Welsh arts & culture
We like to celebrate our love of arts and literature. Hay-on-Wye in mid Wales is home to the world’s most famous literary and arts festival. When Bill Clinton came to town, he called it ‘the Woodstock of the mind’.
The famous poet Dylan Thomas was born in Swansea in South Wales in 1914. His poems and short stories, and in particular his play Under Milk Wood, work best when read out loud. Today the Dylan Thomas Prize is awarded every two years to recognise the best published writer in English aged 39 or under from anywhere in the world. 2014 marked the centenary of the birth of Dylan Thomas, with year long celebrations held across the world. Dylan Day is now celebrated every 14 May.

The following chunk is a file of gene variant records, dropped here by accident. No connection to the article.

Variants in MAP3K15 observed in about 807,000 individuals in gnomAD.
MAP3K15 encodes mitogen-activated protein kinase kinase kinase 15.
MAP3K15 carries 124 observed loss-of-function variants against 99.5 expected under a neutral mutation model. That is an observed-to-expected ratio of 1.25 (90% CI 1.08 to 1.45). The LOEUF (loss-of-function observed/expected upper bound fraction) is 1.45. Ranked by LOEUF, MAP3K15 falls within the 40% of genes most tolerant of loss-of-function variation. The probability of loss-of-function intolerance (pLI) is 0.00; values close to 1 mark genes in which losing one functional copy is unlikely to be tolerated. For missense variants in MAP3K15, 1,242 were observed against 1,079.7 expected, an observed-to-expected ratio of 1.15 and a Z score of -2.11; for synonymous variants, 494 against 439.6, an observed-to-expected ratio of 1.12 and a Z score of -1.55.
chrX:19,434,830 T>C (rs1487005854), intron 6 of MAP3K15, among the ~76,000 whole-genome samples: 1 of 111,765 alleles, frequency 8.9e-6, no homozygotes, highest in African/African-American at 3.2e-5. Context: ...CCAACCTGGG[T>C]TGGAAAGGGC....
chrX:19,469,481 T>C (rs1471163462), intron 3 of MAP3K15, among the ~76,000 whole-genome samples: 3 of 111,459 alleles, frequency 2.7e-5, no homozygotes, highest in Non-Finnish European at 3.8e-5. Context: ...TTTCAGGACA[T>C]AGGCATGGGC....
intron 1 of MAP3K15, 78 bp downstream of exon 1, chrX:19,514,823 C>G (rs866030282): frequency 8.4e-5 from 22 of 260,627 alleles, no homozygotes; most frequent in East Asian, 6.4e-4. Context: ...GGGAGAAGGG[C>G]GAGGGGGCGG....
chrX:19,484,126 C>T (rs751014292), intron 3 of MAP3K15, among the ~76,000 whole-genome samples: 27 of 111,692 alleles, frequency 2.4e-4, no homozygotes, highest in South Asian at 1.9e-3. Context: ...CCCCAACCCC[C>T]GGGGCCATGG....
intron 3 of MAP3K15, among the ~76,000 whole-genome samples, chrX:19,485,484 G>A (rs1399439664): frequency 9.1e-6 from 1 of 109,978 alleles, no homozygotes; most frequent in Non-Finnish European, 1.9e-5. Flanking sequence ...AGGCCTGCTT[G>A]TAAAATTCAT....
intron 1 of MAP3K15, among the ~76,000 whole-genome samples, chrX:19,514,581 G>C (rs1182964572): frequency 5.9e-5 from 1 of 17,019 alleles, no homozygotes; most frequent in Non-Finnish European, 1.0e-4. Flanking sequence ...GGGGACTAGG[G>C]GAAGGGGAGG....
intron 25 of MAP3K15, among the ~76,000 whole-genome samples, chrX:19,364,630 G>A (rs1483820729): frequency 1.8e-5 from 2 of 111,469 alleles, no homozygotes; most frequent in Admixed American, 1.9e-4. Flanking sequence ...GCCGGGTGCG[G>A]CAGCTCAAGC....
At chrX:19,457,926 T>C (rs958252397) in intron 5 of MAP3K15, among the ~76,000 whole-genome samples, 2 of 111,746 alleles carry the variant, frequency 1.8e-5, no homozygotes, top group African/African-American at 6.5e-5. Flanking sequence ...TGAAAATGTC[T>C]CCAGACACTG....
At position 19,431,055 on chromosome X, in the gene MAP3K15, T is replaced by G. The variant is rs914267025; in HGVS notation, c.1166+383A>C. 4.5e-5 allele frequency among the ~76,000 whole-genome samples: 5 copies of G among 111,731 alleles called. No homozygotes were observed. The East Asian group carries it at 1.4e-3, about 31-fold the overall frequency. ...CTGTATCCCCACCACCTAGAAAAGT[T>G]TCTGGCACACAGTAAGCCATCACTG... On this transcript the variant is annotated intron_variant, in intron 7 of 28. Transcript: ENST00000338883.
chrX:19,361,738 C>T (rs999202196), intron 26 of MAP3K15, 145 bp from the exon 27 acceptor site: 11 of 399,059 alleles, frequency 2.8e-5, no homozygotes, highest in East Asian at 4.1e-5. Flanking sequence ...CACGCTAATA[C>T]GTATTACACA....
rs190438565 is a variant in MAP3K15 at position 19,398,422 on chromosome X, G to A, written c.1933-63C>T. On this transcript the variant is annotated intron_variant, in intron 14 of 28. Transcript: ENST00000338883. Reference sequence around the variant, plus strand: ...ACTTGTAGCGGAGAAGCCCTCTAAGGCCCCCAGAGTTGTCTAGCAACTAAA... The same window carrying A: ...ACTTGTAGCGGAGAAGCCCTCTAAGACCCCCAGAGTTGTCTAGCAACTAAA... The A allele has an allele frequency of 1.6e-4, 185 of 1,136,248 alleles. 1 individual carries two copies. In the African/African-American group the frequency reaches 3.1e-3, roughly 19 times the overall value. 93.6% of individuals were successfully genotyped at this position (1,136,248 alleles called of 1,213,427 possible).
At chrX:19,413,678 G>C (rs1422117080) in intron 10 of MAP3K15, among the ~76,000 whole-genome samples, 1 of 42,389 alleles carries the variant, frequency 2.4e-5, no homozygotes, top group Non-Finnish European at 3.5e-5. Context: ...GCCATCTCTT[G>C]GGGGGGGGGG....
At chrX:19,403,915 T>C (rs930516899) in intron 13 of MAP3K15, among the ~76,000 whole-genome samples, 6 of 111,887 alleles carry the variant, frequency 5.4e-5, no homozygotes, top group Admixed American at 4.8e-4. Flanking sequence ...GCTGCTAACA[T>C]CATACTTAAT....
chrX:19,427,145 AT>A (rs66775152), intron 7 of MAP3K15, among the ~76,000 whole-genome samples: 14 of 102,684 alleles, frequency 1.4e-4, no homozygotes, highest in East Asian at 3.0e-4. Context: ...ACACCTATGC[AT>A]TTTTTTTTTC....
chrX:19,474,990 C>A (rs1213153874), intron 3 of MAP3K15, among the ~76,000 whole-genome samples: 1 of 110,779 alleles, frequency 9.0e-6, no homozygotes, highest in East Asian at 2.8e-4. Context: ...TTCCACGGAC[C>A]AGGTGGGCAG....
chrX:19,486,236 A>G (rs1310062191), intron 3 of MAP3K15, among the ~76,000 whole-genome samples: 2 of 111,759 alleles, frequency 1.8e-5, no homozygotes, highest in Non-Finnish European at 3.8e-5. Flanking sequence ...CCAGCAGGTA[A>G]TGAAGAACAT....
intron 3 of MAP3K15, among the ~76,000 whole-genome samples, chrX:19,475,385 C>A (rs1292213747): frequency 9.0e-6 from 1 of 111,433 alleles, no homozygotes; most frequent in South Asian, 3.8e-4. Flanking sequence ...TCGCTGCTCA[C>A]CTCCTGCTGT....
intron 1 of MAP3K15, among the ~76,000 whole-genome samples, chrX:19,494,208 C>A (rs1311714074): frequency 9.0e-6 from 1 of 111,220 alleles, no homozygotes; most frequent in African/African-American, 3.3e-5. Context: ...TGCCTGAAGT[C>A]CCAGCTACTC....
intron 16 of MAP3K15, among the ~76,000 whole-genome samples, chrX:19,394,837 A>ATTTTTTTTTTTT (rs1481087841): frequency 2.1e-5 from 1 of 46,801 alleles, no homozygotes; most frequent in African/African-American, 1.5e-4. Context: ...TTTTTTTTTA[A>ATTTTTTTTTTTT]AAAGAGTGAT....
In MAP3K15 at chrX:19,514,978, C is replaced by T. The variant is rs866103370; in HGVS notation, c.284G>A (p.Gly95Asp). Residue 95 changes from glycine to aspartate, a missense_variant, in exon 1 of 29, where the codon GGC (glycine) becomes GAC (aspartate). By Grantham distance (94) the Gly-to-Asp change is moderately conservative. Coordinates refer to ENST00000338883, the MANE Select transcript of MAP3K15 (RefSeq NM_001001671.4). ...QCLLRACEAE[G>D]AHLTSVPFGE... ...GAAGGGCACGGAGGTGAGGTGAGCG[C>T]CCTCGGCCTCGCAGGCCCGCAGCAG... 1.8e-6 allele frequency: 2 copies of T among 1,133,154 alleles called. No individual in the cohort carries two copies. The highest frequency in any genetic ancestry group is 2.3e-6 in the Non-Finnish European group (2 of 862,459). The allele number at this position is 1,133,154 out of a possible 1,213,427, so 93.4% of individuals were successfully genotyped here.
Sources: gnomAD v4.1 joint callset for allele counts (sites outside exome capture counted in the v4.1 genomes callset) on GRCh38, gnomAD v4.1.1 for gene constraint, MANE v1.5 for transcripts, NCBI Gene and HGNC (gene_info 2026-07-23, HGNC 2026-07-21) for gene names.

More recent writers to come from Wales include children’s favourite Roald Dahl, who wrote Matilda and Charlie and the Chocolate Factory, and Ken Follett who wrote The Pillars of the Earth.
The National Museum in Cardiff is the home of the largest collection of Impressionist and Post-Impressionist paintings outside Paris. Entry to see the collection, which includes Renoir’s famous Blue Lady, La Parisienne, Rodin’s The Kiss and Monet’s Waterlilies paintings, is free.
The Artes Mundi Prize is held here every two years and is one of the largest visual art prizes in the world. The international prize celebrates and recognises artists across the globe.
Find out more about our writers, museums and cultural events in the links below.